7 Things To Know Before Becoming A LandLord

7 Things To Know Before Becoming A LandLord

Being a landlord seems like the sweetest gig in the world, doesn’t it? What’s sweeter than sitting home and watching house rent roll in from multiple tenants every month or every few months?

Being  a landlord  is not all it  is painted up to  be, though. It is a  serious commitment and a  lot of hard work. You might  want to pause for a second and  do your homework before shelling out cash to buy or erect a building.

To  be a successful  landlord, you need to be familiar with your legal responsibilities and right. On a personal level, you need be able to tolerate many different personality types and be adaptable to impromptu problems.

Here  are 7  important  things you  need to know  before becoming  a Landlord

  1.   Inspect  the property  before Purchase: One  of the  important  things to consider  before you become a  landlord is to thoroughly  inspect the property you intend  to purchase and note down what will  need to be repaired or replaced. Say,  you might want to change the toilets to  the latest designs, and as well do the same  to things like water, door locks, and flooring.   Most times, landlords are responsible for insurance and  taxes, and not to talk of expenses like garbage, gardening,  and regular maintenance. So one thing you don’t want to do is  to make the mistake of underestimating the costs of fixing and maintaining  the property before a tenant has moved in – and even after moving in.   
  2.   Choose  your location  carefully: How  big is  your pool  of potential  renters and what  is their economic muscle?   The answers to these questions  are determined by factors such as  the jobs available in the area and  even the lack of jobs. You probably want  to erect a residential building in a student-­‐heavy  area because students at higher institutions constitute  a rich renting pool. Similarly, a business district is a  great place to rent out office space. It’s all about demand  and supply.
  3.   Establish  A Network Of  Blue Collar Professionals: You  will be  well served  to build a network  of artisans including  electricians, plumbers and   carpenters who you can call  on whenever you need maintenance  services. Find people who are competent  and who you can trust with your precious  investment. Introduce them to your tenants  and encourage your tenants to patronize them also.      
  4.   Screen  potential  tenants: You  have surely  heard stories  of nightmare tenants  who are loud, destructive,  violent and who regularly  default on their rent. To avoid  these types on tenants, ask for references  from employers and former landlords of potential  tenants. Be thorough when you interview prospective tenants  to find out if they meet your requirements. To be safe, confirm  the source and amount of their income just to be sure they can keep  up with rent payment. Once you land yourself a great tenant, expedite the  lease signing process. Always keep in mind that you’re running a business and  your tenant is a customer.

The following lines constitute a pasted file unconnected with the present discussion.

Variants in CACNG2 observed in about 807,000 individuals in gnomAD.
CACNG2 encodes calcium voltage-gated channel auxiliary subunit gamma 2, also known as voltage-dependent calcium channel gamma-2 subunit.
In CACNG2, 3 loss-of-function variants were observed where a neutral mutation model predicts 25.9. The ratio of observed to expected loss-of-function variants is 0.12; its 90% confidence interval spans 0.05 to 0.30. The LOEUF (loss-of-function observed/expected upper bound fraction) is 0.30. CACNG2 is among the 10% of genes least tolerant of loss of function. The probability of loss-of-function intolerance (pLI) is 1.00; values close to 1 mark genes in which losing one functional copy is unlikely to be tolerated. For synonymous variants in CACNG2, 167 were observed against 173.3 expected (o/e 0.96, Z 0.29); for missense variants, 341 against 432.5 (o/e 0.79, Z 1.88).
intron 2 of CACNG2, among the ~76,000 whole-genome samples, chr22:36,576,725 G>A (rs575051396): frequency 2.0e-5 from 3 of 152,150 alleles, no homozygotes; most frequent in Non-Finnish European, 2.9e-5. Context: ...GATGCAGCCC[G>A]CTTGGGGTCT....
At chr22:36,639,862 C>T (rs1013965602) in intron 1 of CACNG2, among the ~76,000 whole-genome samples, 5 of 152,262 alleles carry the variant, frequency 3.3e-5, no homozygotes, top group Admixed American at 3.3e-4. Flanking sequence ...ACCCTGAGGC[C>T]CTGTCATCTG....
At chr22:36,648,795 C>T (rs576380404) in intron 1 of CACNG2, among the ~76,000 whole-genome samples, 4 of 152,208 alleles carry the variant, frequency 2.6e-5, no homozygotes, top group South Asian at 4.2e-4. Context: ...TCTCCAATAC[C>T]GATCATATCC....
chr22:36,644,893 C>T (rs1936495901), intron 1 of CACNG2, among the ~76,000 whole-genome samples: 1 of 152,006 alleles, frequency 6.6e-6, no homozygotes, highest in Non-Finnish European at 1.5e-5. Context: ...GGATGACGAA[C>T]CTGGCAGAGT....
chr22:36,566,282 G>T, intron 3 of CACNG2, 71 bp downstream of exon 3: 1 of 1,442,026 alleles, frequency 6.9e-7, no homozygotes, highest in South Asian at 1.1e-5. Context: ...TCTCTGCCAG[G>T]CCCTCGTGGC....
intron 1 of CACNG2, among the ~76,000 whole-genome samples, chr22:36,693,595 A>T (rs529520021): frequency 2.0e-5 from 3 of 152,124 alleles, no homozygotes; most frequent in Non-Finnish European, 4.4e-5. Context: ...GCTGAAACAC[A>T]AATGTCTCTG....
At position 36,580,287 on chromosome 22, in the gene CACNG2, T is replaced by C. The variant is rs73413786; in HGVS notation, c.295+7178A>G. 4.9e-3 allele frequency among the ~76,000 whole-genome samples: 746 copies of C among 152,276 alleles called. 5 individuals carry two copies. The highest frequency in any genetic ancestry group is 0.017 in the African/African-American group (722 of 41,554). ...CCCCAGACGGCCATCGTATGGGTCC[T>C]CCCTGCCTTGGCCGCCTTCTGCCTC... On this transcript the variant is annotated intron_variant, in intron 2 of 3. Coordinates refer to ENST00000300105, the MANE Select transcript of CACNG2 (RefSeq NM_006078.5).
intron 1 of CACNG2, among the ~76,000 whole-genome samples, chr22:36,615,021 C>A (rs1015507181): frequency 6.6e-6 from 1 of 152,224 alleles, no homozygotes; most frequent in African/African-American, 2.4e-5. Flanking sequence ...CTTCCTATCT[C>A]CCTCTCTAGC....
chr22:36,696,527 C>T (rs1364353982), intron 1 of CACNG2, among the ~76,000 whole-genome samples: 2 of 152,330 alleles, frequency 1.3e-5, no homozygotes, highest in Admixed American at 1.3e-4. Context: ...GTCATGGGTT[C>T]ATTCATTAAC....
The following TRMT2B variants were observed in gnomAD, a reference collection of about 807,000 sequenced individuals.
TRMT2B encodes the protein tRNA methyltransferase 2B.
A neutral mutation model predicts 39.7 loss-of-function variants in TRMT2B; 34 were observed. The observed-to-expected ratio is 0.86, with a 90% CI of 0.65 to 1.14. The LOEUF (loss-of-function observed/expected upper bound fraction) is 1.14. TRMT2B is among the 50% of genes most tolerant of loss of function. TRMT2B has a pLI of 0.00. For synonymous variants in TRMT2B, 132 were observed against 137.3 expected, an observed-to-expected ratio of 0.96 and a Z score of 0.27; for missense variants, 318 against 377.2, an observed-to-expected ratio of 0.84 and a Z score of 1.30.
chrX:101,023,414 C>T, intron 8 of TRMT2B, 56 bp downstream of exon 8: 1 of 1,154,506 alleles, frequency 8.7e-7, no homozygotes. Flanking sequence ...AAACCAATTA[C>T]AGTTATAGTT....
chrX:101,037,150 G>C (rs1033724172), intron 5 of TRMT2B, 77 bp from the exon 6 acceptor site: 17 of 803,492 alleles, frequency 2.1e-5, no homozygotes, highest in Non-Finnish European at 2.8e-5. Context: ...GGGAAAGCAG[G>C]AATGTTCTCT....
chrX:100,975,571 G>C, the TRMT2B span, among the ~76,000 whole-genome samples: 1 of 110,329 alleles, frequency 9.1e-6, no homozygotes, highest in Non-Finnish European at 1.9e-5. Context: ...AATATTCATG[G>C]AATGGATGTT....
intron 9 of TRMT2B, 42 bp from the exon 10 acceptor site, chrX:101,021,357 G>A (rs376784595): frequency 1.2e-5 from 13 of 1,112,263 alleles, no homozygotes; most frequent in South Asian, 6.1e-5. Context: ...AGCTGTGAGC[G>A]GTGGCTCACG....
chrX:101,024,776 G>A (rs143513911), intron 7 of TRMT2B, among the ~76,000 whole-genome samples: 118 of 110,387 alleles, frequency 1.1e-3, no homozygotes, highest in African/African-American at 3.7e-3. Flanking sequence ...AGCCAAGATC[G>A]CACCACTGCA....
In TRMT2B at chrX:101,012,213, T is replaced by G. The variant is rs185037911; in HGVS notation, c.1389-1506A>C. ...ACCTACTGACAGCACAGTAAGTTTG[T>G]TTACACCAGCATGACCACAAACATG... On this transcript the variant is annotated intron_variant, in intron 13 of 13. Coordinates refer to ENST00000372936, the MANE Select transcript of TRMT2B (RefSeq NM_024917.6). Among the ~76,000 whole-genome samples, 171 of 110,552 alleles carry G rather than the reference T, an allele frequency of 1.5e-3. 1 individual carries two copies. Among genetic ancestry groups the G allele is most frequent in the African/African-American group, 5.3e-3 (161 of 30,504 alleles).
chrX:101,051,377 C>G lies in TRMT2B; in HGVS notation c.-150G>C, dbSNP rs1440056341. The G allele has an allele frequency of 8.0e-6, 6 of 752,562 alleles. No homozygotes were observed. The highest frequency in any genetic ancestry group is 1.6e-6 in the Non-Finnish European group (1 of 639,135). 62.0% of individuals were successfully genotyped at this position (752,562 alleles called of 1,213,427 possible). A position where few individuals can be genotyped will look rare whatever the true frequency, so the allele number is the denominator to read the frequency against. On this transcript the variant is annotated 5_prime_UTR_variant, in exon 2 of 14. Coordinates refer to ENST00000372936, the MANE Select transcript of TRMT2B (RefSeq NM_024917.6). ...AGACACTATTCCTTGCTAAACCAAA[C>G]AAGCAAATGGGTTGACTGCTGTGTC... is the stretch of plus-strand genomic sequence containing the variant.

5.   It  Is Very  Rewarding Work: Sure, being a  landlord comes with a lot of head-­‐rattling  and struggles, but it also has  great rewards attached to it, in  terms of monetary value. There is also  this feeling of personal freedom that comes from being your own boss, and pride that comes  from seeing the financial rewards of your own hard work.   Asides that, being able to provide a home for another being  is an accomplishment in itself. More so, forging personal relationships  with your tenants is inevitable, especially if you share the same building  – you will experience tenants come and go, and watch their children grow, but  you can also take pride in the fact that your property has served as a home for  all these people, and will probably do so for years to come.
  6.   Budgeting  for repairs  is a good idea: Expecting  the unexpected  comes with the responsibility  of being a landlord, and that’s  why you should be prepared to set  aside some money for unexpected repairs  well. Subject to the condition of the lease  agreement, landlords can be responsible for some  property maintenance.

These repairs could include things like refreshing  a chipped coat of paint, fixing a broken toilet, a leaking roof or a clogged kitchen sink.

On  the other  hand, to avoid unexpected repair costs, you can take a proactive approach by doing whatever you can to  prevent problems from arising  in the future.

  1.   Run  the numbers.   Being  a landlord  can be profitable,  but you can easily lose  money as well. If you charge  too high for rent, you’ll scare  away potential renters, and if you  charge too low, you’ll shortchange yourself  and possibly run into debt.   

Factor  in all of  your costs, such  as your mortgage payments,  insurance payments, maintenance   costs, and the valuable amount of  the time you’ll spend putting everything  in place, then figure out how much you should  charge to make a profit.

Being  a landlord  is a dream for  a lot people, but  it is not something  to dive into blindly.  As much as you crave the  privileges, you need to be aware  of the accompanying responsibilities.   

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